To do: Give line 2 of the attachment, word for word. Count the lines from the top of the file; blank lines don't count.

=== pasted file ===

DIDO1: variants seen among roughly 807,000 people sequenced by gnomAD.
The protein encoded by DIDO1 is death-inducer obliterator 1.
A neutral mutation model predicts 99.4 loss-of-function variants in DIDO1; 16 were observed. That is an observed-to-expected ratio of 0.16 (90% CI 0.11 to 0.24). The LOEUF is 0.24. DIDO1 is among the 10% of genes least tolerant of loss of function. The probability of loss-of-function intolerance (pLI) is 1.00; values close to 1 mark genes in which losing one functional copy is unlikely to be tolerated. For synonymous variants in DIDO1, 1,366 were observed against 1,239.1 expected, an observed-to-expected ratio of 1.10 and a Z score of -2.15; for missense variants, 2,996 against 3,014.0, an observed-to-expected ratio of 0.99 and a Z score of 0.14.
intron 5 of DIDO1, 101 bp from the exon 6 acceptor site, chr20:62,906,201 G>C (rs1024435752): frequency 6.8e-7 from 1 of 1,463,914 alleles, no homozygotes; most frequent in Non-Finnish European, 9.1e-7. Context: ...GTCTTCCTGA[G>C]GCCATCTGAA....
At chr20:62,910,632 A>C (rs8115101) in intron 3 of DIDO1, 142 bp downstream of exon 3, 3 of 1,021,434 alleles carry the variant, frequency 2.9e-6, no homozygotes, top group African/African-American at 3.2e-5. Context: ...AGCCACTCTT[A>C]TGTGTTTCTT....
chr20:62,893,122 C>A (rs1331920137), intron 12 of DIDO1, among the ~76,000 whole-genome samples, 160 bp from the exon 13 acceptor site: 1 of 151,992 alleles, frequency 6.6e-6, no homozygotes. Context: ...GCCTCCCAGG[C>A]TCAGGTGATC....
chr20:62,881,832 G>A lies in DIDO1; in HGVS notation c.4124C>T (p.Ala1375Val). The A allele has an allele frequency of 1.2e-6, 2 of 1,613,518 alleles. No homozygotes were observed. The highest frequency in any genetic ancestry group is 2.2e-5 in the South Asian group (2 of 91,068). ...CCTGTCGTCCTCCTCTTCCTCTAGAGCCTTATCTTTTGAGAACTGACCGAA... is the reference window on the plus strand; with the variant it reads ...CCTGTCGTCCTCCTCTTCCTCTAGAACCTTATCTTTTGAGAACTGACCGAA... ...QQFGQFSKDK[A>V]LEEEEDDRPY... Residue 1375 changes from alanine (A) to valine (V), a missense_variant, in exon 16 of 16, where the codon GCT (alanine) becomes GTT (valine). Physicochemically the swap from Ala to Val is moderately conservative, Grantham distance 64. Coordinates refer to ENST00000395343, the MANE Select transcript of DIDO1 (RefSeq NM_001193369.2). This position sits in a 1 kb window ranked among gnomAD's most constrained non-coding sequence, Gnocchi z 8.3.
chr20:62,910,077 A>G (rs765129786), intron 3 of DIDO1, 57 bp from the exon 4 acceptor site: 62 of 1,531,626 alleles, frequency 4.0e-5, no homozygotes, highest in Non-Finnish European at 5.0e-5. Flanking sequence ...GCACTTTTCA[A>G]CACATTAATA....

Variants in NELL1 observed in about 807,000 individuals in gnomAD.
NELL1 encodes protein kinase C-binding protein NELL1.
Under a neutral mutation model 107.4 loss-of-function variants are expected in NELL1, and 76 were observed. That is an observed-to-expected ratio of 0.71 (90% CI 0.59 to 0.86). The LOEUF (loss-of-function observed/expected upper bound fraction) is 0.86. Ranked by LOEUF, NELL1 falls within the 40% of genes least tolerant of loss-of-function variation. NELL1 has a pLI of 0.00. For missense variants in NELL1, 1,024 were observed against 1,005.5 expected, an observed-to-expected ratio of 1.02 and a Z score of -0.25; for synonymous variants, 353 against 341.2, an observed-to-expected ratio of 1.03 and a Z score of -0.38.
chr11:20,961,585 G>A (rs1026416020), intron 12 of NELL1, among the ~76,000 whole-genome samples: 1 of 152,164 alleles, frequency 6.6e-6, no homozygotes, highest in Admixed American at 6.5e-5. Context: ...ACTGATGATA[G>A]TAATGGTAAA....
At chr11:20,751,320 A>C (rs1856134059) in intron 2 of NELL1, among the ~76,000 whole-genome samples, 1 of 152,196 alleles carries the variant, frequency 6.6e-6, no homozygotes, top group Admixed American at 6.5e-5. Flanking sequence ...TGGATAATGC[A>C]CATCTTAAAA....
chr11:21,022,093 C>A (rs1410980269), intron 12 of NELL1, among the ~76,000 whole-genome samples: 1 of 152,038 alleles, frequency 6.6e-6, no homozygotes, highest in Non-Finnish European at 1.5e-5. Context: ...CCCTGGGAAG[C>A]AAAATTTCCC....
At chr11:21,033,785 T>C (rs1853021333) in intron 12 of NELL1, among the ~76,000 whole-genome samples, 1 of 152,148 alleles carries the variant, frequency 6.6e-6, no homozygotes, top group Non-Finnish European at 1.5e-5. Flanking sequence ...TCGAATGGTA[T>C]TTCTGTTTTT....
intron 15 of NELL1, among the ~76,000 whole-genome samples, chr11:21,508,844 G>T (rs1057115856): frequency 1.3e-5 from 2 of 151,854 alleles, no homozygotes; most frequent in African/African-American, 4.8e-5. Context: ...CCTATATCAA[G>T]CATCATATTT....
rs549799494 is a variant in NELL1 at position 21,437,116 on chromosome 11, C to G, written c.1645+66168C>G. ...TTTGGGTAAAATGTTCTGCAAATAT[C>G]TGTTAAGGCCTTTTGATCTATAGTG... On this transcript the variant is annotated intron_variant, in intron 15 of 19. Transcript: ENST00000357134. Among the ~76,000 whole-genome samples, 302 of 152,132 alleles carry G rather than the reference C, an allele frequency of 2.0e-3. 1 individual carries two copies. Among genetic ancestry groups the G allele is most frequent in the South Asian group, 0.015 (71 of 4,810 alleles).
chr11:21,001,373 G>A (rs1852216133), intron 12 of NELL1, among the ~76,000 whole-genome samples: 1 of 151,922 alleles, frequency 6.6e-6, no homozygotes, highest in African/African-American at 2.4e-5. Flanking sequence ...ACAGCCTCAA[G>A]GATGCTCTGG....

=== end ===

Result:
The protein encoded by DIDO1 is death-inducer obliterator 1.